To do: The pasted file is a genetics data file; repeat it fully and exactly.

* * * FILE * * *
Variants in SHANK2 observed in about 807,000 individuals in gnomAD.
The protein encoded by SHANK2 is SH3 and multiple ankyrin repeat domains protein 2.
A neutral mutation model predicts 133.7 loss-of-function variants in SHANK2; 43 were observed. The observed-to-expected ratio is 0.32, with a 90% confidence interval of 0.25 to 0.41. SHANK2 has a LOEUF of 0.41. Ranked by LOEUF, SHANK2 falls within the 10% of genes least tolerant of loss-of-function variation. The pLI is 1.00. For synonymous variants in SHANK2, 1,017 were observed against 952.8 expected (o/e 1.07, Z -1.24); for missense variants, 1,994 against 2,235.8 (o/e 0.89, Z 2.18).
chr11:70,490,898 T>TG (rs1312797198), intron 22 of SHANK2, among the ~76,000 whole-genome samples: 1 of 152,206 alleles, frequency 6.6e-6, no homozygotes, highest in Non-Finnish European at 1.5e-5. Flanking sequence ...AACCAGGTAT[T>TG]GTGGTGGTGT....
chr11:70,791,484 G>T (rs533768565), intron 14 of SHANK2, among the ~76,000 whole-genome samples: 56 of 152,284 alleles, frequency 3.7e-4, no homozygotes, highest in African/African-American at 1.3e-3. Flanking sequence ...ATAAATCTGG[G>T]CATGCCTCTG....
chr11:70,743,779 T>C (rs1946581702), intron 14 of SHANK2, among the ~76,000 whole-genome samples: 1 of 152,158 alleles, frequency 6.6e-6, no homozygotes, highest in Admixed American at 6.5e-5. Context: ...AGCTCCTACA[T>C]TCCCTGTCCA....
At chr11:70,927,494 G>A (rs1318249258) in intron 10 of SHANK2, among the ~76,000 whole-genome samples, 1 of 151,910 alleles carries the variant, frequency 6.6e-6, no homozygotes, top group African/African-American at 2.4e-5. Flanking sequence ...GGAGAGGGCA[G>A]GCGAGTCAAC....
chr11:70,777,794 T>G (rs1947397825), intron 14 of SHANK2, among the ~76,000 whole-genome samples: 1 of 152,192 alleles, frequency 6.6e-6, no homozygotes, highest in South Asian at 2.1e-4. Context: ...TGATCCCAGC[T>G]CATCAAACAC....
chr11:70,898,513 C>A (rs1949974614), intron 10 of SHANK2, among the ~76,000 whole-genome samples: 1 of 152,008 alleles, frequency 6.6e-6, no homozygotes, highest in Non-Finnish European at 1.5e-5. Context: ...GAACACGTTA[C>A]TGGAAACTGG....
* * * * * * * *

Variants in SHANK2 observed in about 807,000 individuals in gnomAD.
The protein encoded by SHANK2 is SH3 and multiple ankyrin repeat domains protein 2.
A neutral mutation model predicts 133.7 loss-of-function variants in SHANK2; 43 were observed. The observed-to-expected ratio is 0.32, with a 90% confidence interval of 0.25 to 0.41. SHANK2 has a LOEUF of 0.41. Ranked by LOEUF, SHANK2 falls within the 10% of genes least tolerant of loss-of-function variation. The pLI is 1.00. For synonymous variants in SHANK2, 1,017 were observed against 952.8 expected (o/e 1.07, Z -1.24); for missense variants, 1,994 against 2,235.8 (o/e 0.89, Z 2.18).
chr11:70,490,898 T>TG (rs1312797198), intron 22 of SHANK2, among the ~76,000 whole-genome samples: 1 of 152,206 alleles, frequency 6.6e-6, no homozygotes, highest in Non-Finnish European at 1.5e-5. Flanking sequence ...AACCAGGTAT[T>TG]GTGGTGGTGT....
chr11:70,791,484 G>T (rs533768565), intron 14 of SHANK2, among the ~76,000 whole-genome samples: 56 of 152,284 alleles, frequency 3.7e-4, no homozygotes, highest in African/African-American at 1.3e-3. Flanking sequence ...ATAAATCTGG[G>T]CATGCCTCTG....
chr11:70,743,779 T>C (rs1946581702), intron 14 of SHANK2, among the ~76,000 whole-genome samples: 1 of 152,158 alleles, frequency 6.6e-6, no homozygotes, highest in Admixed American at 6.5e-5. Context: ...AGCTCCTACA[T>C]TCCCTGTCCA....
At chr11:70,927,494 G>A (rs1318249258) in intron 10 of SHANK2, among the ~76,000 whole-genome samples, 1 of 151,910 alleles carries the variant, frequency 6.6e-6, no homozygotes, top group African/African-American at 2.4e-5. Flanking sequence ...GGAGAGGGCA[G>A]GCGAGTCAAC....
chr11:70,777,794 T>G (rs1947397825), intron 14 of SHANK2, among the ~76,000 whole-genome samples: 1 of 152,192 alleles, frequency 6.6e-6, no homozygotes, highest in South Asian at 2.1e-4. Context: ...TGATCCCAGC[T>G]CATCAAACAC....
chr11:70,898,513 C>A (rs1949974614), intron 10 of SHANK2, among the ~76,000 whole-genome samples: 1 of 152,008 alleles, frequency 6.6e-6, no homozygotes, highest in Non-Finnish European at 1.5e-5. Context: ...GAACACGTTA[C>A]TGGAAACTGG....